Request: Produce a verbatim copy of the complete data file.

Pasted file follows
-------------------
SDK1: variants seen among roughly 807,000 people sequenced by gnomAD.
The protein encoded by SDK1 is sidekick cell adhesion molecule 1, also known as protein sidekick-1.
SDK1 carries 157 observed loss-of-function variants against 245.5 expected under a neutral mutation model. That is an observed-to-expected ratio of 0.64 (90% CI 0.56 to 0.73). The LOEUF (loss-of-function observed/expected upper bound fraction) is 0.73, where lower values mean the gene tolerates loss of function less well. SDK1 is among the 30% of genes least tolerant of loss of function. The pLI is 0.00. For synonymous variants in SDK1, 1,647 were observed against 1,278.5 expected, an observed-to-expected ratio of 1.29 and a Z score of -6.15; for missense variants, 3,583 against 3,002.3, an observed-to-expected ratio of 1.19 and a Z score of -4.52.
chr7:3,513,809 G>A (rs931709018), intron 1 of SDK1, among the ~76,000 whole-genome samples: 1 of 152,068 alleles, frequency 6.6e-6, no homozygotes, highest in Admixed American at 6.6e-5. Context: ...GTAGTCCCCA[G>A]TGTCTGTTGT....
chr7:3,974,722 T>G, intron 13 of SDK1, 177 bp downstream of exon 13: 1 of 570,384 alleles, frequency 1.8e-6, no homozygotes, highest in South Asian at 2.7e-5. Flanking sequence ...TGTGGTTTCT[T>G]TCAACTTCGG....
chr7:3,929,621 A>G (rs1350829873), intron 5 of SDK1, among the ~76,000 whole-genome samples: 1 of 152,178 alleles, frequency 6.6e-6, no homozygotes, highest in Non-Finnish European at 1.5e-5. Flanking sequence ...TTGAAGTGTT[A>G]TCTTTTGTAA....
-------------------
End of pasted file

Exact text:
SDK1: variants seen among roughly 807,000 people sequenced by gnomAD.
The protein encoded by SDK1 is sidekick cell adhesion molecule 1, also known as protein sidekick-1.
SDK1 carries 157 observed loss-of-function variants against 245.5 expected under a neutral mutation model. That is an observed-to-expected ratio of 0.64 (90% CI 0.56 to 0.73). The LOEUF (loss-of-function observed/expected upper bound fraction) is 0.73, where lower values mean the gene tolerates loss of function less well. SDK1 is among the 30% of genes least tolerant of loss of function. The pLI is 0.00. For synonymous variants in SDK1, 1,647 were observed against 1,278.5 expected, an observed-to-expected ratio of 1.29 and a Z score of -6.15; for missense variants, 3,583 against 3,002.3, an observed-to-expected ratio of 1.19 and a Z score of -4.52.
chr7:3,513,809 G>A (rs931709018), intron 1 of SDK1, among the ~76,000 whole-genome samples: 1 of 152,068 alleles, frequency 6.6e-6, no homozygotes, highest in Admixed American at 6.6e-5. Context: ...GTAGTCCCCA[G>A]TGTCTGTTGT....
chr7:3,974,722 T>G, intron 13 of SDK1, 177 bp downstream of exon 13: 1 of 570,384 alleles, frequency 1.8e-6, no homozygotes, highest in South Asian at 2.7e-5. Flanking sequence ...TGTGGTTTCT[T>G]TCAACTTCGG....
chr7:3,929,621 A>G (rs1350829873), intron 5 of SDK1, among the ~76,000 whole-genome samples: 1 of 152,178 alleles, frequency 6.6e-6, no homozygotes, highest in Non-Finnish European at 1.5e-5. Flanking sequence ...TTGAAGTGTT[A>G]TCTTTTGTAA....